USC Scripter Nominees

The USC Scripter nominees honor both the source material and the finished script.  Their nominees as follows:

screenwriter Christopher Hampton for A Dangerous Method, adapted from the nonfiction book A Most Dangerous Method: The Story of Jung, Freud, and Sabina Spielrein by John Kerr and the 2002 stage play The Talking Cure by Hampton
Screenwriters Alexander Payne, Nat Faxon, and Jim Rash for The Descendants, adapted from Kaui Hart Hemmings’ novel (itself an expansion of her first published short story, “The Minor Wars”)
Screenwriter Moira Buffini for Jane Eyre, adapted from the 1847 book by Charlotte Brontë
Screenwriters Steven Zaillian, Aaron Sorkin, and Stan Chervin for Moneyball, based on Michael Lewis’ book, Moneyball: The Art of Winning an Unfair Game
Screenwriters Bridget O’Connor and Peter Straughan and author John le Carré for the thriller Tinker, Tailor, Soldier, Spy.

Thanks to @jtfoix for the reminder

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USC Scripter nominees announced!

22 Comments

  1. Daveylow
    January 12, 2012

    These are thoughtful nominees. All deserving.

  2. devon
    January 12, 2012

    Moneyball all the way!!!!!!!!!!

  3. Zach
    January 12, 2012

    Looking at, what, maybe two or three crossovers for Oscar?

    The Descendants
    Moneyball
    Tinker Tailor Soldier Spy

    A very cerebral list of nominees nevertheless.

  4. January 12, 2012

    No We Need to Talk About Kevin or Dragon Tattoo? Recount!
    But these are good nominees, though. Adapting Tinker Tailor must have been incredibly difficult, and The Descendants greatly improves upon its source. Not that the book is bad, but Payne et al do an excellent job channelling the young generation of today, which is something Hemmings tries to do, but far less successfully.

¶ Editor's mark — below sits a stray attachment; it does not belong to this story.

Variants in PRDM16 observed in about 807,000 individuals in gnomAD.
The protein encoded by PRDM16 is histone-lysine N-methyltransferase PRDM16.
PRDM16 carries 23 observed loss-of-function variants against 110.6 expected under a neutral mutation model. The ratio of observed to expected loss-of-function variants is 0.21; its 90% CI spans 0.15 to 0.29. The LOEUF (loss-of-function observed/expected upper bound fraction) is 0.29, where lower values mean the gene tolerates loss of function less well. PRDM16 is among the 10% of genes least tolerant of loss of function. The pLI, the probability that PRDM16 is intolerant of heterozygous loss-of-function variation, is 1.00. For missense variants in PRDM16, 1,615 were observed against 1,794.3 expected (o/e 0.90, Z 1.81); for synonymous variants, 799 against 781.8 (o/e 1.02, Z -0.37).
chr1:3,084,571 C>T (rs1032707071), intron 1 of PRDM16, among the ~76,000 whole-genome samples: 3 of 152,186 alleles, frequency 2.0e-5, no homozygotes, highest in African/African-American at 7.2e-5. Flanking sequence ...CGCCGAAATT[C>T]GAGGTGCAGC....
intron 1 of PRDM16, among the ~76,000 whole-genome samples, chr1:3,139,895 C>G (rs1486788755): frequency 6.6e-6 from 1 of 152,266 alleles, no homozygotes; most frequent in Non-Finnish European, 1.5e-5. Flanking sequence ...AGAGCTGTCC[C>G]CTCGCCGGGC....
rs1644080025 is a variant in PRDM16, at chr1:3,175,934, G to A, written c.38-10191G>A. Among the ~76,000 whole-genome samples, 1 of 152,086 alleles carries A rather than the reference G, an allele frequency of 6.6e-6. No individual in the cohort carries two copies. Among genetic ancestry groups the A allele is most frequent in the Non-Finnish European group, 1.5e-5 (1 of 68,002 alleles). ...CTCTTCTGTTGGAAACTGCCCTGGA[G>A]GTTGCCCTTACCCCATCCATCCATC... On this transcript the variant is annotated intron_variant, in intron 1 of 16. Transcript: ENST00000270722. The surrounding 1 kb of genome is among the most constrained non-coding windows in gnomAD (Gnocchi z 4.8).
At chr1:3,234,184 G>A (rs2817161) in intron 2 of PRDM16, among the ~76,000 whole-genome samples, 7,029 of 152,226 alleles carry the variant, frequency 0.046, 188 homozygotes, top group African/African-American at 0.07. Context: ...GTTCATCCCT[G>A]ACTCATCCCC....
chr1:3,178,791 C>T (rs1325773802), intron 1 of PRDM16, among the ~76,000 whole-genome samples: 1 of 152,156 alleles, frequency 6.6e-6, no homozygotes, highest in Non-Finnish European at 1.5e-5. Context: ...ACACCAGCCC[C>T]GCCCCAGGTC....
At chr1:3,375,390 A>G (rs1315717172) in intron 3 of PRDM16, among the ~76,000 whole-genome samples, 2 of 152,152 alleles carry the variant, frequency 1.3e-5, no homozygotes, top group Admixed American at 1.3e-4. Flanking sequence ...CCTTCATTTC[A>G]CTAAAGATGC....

5. steve50
    January 12, 2012

    Glad to see Hampton and A Dangerous Method get some recognition. Of course, Moneyball, Tinker/Tailor, and The Descendants were deservedly expected.

    Jane Eyre is a head-scratcher, though – wasn’t that impressed with it, certainly not as much as I was with the adaptations of Girl/Tattoo or Hugo.

  6. Gregoire
    January 12, 2012

    I loved Jane Eyre though it’s an interesting choice for screenplay nod. The film is a director’s vision and a visual experimentation, and I imagine purists must dislike it. Overall, this is a solid list.

    Interesting that they left off Girl With The Dragon Tattoo, but given the concept of the Scripters, perhaps they thought it too disposable?

  7. Andrew Sidhom
    January 12, 2012

    Prominent well-doers in the critics awards missing here:
    Drive (6 noms)
    Hugo (6 noms)
    The Help (5 noms including 1 win)

  8. Ben Z.
    January 12, 2012

    I’m sure Charlotte Bronte would be very happy to be nominated if she wasn’t so dead.

  9. AD
    January 12, 2012

    So nice to see Christopher Hampton’s name and ADM get some recognition, finally! Great to see TTSS too

  10. January 12, 2012

    Glad the Scripter folks didn’t get sucked into the Hugo/Help love fest. Any time A Dangerous Method gets mentioned it makes me happy.

  11. Keifer
    January 12, 2012

    I am also pleased with Christopher Hampton’s inclusion for “A Dangerous Method”. It is a great script from one of the best screenwriters working today.

    I agree with the statement above about Jane Eyre being more visual than visceral. The screenplay was really nothing special. It is kind of a head-scratcher.

    I would have replaced it with John Orloff’s screenplay for “Anonymous” or Steve Cloves’ script for “Harry Potter and the Deathly Hallows: Part 2″. Both of these screenplays contained really wonderfully written dialogue.

  12. January 12, 2012